Boris Johnson has said he is determined to "get on" with his job, in his first Commons appearance since surviving a confidence vote in his leadership.
Amid testy exchanges at Prime Minister's Questions, Labour MP Dame Angela Eagle told Mr Johnson he was loathed and should resign.
But the prime minister said his political career had "barely begun".
Four in 10 Tory MPs declared a lack of confidence in Mr Johnson's leadership in Monday's vote.
The worse-than-expected result followed several months of difficulties for the prime minister, who has received ongoing criticism over parties that took place in Downing Street during lockdown.
Following the vote, the prime minister promised to "draw a line" under his recent difficulties and announce a widespread programme of reforms to help deal with crime, the NHS and the rapidly rising cost of living.
His ministers have stood by him, but in the first departure from government since the vote, Baroness Helena Morrissey left her job at the Foreign Office on Wednesday.
In an interview with LBC radio, Baroness Morrissey said some Tory MPs considered the prime minister "a liability" and she had not seen "any contrition" from him after the confidence vote.
The BBC understands Foreign Secretary Liz Truss found Baroness Morrissey's comments "outrageous" and the peer "jumped before she was pushed".
Meanwhile, at a noisy Prime Minister's Questions, Mr Johnson reiterated his commitment to remain in power.
Asking the first question, Dame Angela said: "This week's events have demonstrated just how loathed this prime minister is, and that's only in his own party.
"As his administration is too distracted by its internal divisions to deal with the challenges we face, can the prime minister explain if 148 of his own backbenchers don't trust him why on earth should the country?"
Mr Johnson replied: "I can assure her in a long political career so far - barely begun - I've of course picked up political opponents all over and that is because this government has done some very big and very remarkable things which they didn't necessarily approve of.
"And what I want her to know is that absolutely nothing and no-one, least of all her, is going to stop us with getting on delivering for the British people."
Labour leader Sir Keir Starmer focused his questions on the government's record on the NHS, while the SNP's Westminster leader, Ian Blackford, called Mr Johnson, who was fined in April for attending an illegal Downing Street gathering during lockdown, a "dead man walking".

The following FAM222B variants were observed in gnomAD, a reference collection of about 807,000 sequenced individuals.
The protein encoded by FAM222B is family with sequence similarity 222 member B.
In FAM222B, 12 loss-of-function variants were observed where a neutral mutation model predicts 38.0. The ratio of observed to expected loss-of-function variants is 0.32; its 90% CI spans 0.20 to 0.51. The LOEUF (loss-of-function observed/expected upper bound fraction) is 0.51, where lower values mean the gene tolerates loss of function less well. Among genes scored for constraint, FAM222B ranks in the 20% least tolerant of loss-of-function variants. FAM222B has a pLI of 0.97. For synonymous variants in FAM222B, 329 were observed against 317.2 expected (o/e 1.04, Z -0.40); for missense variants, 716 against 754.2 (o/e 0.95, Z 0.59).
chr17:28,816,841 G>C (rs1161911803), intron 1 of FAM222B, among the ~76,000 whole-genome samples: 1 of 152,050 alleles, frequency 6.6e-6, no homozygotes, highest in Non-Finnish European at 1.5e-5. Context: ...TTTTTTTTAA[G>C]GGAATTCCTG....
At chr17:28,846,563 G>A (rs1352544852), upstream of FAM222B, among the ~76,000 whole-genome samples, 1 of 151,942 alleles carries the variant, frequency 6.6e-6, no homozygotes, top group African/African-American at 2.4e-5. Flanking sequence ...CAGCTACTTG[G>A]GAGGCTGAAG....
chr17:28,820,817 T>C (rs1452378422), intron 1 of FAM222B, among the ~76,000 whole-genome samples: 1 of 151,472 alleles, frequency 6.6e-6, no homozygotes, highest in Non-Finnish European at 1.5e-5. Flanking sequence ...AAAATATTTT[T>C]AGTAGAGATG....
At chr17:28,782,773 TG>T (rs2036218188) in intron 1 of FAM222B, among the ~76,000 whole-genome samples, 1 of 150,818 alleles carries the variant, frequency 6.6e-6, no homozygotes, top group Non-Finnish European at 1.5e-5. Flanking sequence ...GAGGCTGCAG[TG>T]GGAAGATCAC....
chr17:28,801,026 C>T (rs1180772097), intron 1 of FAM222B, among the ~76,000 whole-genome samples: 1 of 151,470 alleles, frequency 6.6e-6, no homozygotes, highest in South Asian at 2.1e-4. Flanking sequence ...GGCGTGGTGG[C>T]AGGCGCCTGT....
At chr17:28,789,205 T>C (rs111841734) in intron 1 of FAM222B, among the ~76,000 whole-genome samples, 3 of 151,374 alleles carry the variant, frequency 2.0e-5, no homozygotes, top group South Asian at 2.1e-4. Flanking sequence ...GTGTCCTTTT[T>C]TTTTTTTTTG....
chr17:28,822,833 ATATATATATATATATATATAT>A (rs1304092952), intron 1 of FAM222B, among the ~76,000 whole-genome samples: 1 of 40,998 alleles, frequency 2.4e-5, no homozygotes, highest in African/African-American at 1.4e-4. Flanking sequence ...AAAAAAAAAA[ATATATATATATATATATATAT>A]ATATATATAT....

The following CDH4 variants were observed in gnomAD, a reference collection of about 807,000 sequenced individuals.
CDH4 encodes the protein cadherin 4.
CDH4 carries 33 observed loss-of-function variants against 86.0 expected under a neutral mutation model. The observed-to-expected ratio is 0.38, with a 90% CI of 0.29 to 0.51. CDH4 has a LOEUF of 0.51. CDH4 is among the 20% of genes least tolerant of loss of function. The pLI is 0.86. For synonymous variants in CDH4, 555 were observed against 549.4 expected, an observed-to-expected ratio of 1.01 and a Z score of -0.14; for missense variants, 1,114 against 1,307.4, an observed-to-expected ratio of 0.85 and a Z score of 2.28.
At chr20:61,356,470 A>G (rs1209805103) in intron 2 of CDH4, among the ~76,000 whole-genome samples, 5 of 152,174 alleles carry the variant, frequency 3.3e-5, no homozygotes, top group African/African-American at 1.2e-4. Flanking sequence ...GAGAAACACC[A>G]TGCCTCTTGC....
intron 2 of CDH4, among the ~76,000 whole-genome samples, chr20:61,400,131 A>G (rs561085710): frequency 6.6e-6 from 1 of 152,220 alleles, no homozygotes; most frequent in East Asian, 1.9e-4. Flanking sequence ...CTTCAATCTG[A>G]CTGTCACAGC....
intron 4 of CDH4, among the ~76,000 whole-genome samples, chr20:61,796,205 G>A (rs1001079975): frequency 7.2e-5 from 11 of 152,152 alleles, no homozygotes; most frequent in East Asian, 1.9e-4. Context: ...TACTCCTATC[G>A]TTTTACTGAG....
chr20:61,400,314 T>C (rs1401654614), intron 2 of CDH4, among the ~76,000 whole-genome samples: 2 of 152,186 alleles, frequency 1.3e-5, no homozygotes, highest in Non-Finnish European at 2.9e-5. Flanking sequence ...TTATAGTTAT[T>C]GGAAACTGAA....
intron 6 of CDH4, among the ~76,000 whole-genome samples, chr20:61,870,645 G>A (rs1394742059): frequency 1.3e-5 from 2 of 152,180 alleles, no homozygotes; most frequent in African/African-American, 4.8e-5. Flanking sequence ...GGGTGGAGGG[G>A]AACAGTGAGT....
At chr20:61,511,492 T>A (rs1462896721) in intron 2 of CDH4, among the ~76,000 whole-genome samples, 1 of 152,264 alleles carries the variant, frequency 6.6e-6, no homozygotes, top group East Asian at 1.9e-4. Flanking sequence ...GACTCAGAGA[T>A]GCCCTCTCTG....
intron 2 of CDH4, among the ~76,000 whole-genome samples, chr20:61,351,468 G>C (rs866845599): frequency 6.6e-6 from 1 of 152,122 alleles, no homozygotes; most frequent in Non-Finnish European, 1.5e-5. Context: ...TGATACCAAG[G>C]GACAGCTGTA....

He accused the prime minister of "failing to recognise that these parties were against the law, it's that signal that the rules don't apply to him the way that they do for everyone else".
"That's not the behaviour of someone who can remain in office, its someone that quite simply needs to be removed from office," Mr Blackford added.
The prime minister's victory in the confidence vote means that, under Conservative Party rules, he cannot face another such test of his leadership for another year.
But Mr Johnson is coming under pressure from some of his own MPs to cut taxes in an effort to boost the economy and help ease the burden on households caused by the rapidly rising cost of living.
Business Secretary Kwasi Kwarteng, Health Secretary Sajid Javid and trade minister Penny Mordaunt all said they would like this to happen.
But the prime minister's spokesperson played down the immediate prospect of this happening, saying it was important to be "responsible" at a time when finances were in "very difficult position following the global pandemic".
They added that plans for further tax cuts would be set out "as soon as it is fiscally responsible to do so".
There were no unfriendly questions from Tory MPs about his future to the PM in the chamber, but in a column in the Times newspaper, Conservative former cabinet minister David Davis accused Mr Johnson of "letting things slide" and warned him to "get his act together" quickly or leave office.